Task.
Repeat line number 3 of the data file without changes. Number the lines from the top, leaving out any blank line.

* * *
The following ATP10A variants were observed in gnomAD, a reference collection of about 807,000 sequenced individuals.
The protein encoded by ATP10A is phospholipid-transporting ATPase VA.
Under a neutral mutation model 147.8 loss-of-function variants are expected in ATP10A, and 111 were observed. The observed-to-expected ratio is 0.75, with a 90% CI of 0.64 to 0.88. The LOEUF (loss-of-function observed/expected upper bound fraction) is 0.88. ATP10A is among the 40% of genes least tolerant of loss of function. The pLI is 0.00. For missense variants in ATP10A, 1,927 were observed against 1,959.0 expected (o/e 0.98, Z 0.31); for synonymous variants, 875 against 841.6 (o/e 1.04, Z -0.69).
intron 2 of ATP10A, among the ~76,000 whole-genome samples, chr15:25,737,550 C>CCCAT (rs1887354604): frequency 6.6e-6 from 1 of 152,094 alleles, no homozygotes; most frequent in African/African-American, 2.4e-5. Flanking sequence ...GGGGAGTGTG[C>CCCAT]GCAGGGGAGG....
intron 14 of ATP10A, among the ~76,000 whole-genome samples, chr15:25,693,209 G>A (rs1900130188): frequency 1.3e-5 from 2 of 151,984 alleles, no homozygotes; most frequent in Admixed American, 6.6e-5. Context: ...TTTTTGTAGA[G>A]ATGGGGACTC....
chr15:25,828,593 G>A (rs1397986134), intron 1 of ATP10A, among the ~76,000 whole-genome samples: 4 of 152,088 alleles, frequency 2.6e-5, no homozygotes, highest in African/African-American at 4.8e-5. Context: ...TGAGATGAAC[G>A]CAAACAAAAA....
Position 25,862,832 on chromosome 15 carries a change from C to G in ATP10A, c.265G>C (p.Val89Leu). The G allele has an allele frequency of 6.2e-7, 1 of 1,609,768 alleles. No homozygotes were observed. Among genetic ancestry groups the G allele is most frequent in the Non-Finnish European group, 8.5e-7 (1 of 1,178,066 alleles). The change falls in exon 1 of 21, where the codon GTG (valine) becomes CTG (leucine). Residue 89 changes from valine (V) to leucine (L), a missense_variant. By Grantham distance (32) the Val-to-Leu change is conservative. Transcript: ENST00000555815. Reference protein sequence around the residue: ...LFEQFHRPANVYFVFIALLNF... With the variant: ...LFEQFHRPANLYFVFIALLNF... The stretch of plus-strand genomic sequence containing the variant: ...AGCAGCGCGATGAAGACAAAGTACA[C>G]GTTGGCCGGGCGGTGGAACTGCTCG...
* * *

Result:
Under a neutral mutation model 147.8 loss-of-function variants are expected in ATP10A, and 111 were observed. The observed-to-expected ratio is 0.75, with a 90% CI of 0.64 to 0.88. The LOEUF (loss-of-function observed/expected upper bound fraction) is 0.88. ATP10A is among the 40% of genes least tolerant of loss of function. The pLI is 0.00. For missense variants in ATP10A, 1,927 were observed against 1,959.0 expected (o/e 0.98, Z 0.31); for synonymous variants, 875 against 841.6 (o/e 1.04, Z -0.69).